Metro buses are breaking down while in service almost twice as often as they did three years ago, transit officials reported yesterday.
They reported that an average of nearly 10 percent of Metro's buses could not be operated because of major mechanical problems each day during the last six months of 1980, although the transit officials said the problem has not become great enough to force the cancellation of any bus runs.
The figures released yesterday cap a steep three-year increase in bus breakdowns and maintenance problems.
"I'm afraid the situation is probably going to get worse before it gets better," said Theodore G. Weigle Jr., Metro's assistant general manager for transit services. He added that the problems occur with new buses as well as older ones.
"The new buses are built to lots of federal specifications and they're more difficult to maintain than the old ones," he said. "The old buses are aging, and we haven't been able to keep up the schedule of preventive maintenance."
Since 1978 the average distance between bus breakdowns requiring road service dropped from 3,167 to 1,690 miles. The proportion of buses kept out of service because they could not be operated rose from 6.8 percent to 9.7 percent in that period.
These figures were part of a string of discouraging statistics released at a Metro committee meeting yesterday. Metro officials said the figures show a worrisome slippage in the performance of the area's transit system as its fares and costs have soared.
Ridership on the subway virtually was unchanged compared to the last three months of 1979 even though three new stations had opened. Ridership on buses fell 5 percent. After the latest round of fare increases on Jan. 1, the number of subway passengers dropped 5 percent while bus ridership dropped 8 percent more.
Breakdowns on the subway also became more frequent at the same time as mechanical problems increased on the buses. Compared to a year earlier, the miles between breakdowns on the subway system decreased 7 percent.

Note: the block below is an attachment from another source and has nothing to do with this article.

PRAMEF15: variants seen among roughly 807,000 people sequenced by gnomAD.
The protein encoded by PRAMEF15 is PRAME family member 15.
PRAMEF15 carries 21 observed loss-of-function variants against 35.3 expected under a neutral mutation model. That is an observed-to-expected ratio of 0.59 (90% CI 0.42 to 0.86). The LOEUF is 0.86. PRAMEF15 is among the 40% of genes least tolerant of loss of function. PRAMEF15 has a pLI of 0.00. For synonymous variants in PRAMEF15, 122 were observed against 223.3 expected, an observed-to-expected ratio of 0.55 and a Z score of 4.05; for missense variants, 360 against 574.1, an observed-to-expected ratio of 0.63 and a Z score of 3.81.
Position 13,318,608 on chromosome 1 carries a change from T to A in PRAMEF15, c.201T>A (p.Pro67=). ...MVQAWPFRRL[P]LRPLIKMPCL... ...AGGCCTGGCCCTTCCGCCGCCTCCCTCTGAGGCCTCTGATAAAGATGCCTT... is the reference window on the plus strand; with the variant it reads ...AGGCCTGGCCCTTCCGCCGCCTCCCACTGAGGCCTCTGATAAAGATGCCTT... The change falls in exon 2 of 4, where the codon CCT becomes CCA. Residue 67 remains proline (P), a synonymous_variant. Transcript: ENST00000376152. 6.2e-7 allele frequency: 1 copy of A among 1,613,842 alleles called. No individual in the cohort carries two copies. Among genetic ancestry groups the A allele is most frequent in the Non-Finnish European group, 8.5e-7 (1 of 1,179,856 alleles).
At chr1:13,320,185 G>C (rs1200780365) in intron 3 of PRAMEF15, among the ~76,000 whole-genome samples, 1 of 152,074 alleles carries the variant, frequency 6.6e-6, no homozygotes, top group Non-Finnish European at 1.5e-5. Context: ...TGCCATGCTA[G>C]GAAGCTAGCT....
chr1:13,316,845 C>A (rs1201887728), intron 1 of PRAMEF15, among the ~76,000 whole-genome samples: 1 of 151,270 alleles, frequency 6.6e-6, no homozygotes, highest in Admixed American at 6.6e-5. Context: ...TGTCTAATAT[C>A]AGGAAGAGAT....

Crime increased in subway stations and trains, with arrests up an average of 20 percent from a year earlier.
The reliability of Farecard machines declined after Metro employees were used to replace a private contractor, who had been criticized for not maintaining the equipment properly.
Fuel consumption on Metro buses continued to increase, with the average for all buses dropping to just 3.4 miles per gallon of diesel fuel.
"I think the public is still supportive of the transit system," said Cleatus Barnett, former Metro board chairman and head of the agency's revenue and operations committee. "But we have to be concerned that there's more slippage throughout the system than I would really like to see. The spread of the slippage is a problem."
"A lot of these numbers aren't as good as they ought to be," said Metro general manager Richard S. Page. "We're a large corporation, and much of what's happening to Metro is similar to other problems in our society. . . We're trying hard to do better."
Officials of the American Public Transit Association said bus systems throughout the country have been reporting an increase in maintenance problems, particularly because of heavy lifts required by federal rules to provide access for the handicapped.
"The bus system here needs a lot of attention," said Weigle, the assistant general manager. "It's not as glamorous as the rail system, and it just got less attention than the subway. People have seemed to let it limp along. But we're committed to doing more now."